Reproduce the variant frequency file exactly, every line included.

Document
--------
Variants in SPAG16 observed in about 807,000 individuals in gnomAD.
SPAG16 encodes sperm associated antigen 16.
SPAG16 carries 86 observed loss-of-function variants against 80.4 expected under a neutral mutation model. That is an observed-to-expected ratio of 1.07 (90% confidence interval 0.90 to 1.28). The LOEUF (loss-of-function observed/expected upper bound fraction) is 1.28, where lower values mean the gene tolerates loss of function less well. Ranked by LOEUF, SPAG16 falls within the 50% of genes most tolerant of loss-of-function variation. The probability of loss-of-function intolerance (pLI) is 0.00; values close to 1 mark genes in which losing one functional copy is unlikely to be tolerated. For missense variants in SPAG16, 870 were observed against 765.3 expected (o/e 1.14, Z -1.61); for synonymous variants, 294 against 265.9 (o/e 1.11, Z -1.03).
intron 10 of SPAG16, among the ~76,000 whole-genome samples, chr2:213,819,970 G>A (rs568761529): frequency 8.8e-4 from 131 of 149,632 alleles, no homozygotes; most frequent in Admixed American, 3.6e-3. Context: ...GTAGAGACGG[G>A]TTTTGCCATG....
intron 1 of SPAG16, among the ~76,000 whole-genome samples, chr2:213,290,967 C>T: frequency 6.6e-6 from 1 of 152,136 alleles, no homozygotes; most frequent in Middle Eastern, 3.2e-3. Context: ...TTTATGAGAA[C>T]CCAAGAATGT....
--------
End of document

Variants in SPAG16 observed in about 807,000 individuals in gnomAD.
SPAG16 encodes sperm associated antigen 16.
SPAG16 carries 86 observed loss-of-function variants against 80.4 expected under a neutral mutation model. That is an observed-to-expected ratio of 1.07 (90% confidence interval 0.90 to 1.28). The LOEUF (loss-of-function observed/expected upper bound fraction) is 1.28, where lower values mean the gene tolerates loss of function less well. Ranked by LOEUF, SPAG16 falls within the 50% of genes most tolerant of loss-of-function variation. The probability of loss-of-function intolerance (pLI) is 0.00; values close to 1 mark genes in which losing one functional copy is unlikely to be tolerated. For missense variants in SPAG16, 870 were observed against 765.3 expected (o/e 1.14, Z -1.61); for synonymous variants, 294 against 265.9 (o/e 1.11, Z -1.03).
intron 10 of SPAG16, among the ~76,000 whole-genome samples, chr2:213,819,970 G>A (rs568761529): frequency 8.8e-4 from 131 of 149,632 alleles, no homozygotes; most frequent in Admixed American, 3.6e-3. Context: ...GTAGAGACGG[G>A]TTTTGCCATG....
intron 1 of SPAG16, among the ~76,000 whole-genome samples, chr2:213,290,967 C>T: frequency 6.6e-6 from 1 of 152,136 alleles, no homozygotes; most frequent in Middle Eastern, 3.2e-3. Context: ...TTTATGAGAA[C>T]CCAAGAATGT....